Alabama is beating Clemson 14-7 at halftime of the national title game because the Crimson Tide team are other-worldly good, but they've also benefited from two missed targeting calls.
The first was the closer call, which did at least result in a personal foul penalty, as star Alabama linebacker Reuben Foster nearly decapitated Clemson quarterback Deshaun Watson with his arm. It wasn't a helmet-to-helmet hit, but arm-to-head/neck hits are covered under the targeting rule, too.
The second hit was textbook targeting. While star Clemson wide receiver Mike Williams was being stood up by another Alabama tackler, cornerback Tony Brown hit him square in the head. If that's not targeting, nothing is targeting.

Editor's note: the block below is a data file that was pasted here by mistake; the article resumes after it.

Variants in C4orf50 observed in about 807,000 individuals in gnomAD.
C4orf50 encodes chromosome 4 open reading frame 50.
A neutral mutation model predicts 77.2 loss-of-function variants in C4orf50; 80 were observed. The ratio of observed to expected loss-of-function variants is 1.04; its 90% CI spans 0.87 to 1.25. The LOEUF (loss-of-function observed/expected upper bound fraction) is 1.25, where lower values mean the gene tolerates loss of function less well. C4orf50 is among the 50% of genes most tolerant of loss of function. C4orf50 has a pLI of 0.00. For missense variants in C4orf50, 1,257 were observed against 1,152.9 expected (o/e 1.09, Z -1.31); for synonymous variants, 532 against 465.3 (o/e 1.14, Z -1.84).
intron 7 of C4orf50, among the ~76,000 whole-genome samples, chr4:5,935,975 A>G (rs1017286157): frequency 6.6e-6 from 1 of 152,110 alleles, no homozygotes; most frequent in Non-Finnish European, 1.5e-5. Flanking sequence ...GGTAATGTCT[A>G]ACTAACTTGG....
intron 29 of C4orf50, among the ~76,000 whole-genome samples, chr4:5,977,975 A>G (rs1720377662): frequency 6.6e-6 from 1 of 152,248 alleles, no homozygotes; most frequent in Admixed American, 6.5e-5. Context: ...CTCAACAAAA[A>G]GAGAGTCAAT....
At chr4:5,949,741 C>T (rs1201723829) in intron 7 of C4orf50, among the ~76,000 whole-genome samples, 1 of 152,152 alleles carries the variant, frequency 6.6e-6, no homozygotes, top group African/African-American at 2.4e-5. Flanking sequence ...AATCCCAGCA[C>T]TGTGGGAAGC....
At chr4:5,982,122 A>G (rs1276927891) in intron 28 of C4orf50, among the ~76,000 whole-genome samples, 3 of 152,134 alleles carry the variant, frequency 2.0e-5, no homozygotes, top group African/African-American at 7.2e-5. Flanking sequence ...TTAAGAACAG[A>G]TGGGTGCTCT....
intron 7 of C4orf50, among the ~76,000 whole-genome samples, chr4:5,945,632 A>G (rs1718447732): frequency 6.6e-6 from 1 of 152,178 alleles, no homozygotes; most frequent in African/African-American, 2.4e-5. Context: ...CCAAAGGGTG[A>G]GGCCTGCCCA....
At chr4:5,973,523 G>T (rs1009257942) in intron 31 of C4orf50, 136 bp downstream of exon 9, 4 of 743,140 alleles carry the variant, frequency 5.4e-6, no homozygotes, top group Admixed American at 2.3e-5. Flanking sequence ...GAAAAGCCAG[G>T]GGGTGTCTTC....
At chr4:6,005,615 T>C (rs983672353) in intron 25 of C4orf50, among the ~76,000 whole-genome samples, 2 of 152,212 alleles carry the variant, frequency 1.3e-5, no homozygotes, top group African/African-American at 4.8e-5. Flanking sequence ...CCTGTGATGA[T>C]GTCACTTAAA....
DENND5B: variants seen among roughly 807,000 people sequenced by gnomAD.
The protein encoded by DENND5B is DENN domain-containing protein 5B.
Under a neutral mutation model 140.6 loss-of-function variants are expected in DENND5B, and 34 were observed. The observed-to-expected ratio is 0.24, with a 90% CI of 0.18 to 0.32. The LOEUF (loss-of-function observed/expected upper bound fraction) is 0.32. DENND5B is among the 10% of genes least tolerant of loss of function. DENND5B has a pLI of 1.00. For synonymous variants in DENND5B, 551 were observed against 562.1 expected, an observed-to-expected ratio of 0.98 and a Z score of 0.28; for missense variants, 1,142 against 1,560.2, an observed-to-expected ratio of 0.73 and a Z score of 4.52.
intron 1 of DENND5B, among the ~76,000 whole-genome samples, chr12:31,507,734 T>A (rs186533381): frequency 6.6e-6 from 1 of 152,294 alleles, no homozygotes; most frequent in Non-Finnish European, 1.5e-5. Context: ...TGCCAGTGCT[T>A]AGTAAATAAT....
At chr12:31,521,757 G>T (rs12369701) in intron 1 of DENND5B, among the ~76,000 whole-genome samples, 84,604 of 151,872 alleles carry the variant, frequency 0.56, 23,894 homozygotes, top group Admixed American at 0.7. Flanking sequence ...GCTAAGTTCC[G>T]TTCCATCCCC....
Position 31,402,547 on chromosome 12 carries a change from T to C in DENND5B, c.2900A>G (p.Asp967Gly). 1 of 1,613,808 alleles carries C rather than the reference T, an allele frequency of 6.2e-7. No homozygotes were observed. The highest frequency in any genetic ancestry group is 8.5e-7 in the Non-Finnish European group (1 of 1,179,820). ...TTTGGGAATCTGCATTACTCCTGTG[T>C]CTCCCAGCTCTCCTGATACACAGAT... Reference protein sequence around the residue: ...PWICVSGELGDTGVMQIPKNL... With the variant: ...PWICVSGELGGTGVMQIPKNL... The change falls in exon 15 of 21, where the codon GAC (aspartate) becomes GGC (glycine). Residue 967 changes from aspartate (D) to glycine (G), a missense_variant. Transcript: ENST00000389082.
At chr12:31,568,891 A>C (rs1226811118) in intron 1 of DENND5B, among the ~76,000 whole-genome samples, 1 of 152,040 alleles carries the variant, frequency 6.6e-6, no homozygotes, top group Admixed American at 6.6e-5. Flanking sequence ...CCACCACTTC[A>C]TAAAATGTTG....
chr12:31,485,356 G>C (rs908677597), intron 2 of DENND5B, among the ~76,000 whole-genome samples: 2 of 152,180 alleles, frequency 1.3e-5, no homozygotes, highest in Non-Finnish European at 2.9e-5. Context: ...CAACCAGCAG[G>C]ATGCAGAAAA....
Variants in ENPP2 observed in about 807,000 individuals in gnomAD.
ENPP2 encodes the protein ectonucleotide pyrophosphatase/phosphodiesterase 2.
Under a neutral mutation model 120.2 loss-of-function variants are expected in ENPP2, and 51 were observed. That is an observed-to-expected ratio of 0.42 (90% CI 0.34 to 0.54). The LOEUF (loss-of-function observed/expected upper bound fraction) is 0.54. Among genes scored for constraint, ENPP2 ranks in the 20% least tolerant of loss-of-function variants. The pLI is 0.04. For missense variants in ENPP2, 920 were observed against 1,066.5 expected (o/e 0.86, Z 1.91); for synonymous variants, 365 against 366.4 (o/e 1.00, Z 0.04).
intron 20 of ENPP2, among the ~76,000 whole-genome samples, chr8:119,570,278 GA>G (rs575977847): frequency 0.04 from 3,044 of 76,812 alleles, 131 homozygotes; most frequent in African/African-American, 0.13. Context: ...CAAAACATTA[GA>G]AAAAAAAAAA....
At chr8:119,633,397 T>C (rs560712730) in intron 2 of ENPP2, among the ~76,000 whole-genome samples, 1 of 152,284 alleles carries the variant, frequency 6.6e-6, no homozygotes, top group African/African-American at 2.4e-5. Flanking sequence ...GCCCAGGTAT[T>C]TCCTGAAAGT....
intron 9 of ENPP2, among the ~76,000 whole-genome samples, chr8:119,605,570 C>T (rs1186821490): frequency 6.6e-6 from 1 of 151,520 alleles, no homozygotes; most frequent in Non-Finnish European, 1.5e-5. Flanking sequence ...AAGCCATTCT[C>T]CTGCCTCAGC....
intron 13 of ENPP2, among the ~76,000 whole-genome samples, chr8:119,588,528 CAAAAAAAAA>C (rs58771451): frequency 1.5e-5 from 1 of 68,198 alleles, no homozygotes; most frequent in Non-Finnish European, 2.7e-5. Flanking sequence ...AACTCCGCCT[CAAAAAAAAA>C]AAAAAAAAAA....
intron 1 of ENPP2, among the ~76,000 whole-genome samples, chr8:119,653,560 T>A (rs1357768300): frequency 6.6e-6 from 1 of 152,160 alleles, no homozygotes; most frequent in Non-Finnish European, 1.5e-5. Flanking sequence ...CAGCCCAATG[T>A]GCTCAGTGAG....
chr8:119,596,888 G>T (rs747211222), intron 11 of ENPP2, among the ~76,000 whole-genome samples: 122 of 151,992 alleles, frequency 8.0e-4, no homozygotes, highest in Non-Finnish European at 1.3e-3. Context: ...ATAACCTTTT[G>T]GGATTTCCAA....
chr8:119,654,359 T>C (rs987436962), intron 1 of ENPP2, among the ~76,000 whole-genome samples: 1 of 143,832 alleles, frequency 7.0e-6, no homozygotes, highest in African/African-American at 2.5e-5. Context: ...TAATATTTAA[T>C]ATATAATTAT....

Clemson's response to the hit on Williams was as bad as the hit itself. Williams went down on the field and should have undergone an extensive concussion protocol. However, according to ESPN's Sam Ponder, the examination—if there was one at all—was not nearly as comprehensive as it needed to be.
Clemson's lack of an appropriate concussion test for Williams spotlights the danger college athletes play under. The National Collegiate Athletic Association has no concussion protocol, and it does not punish schools for inadequate testing procedures. Players have tried to unionize to improve the safety of players and standardize concussion protocol, but Clemson coach Dabo Swinney is among those against that movement.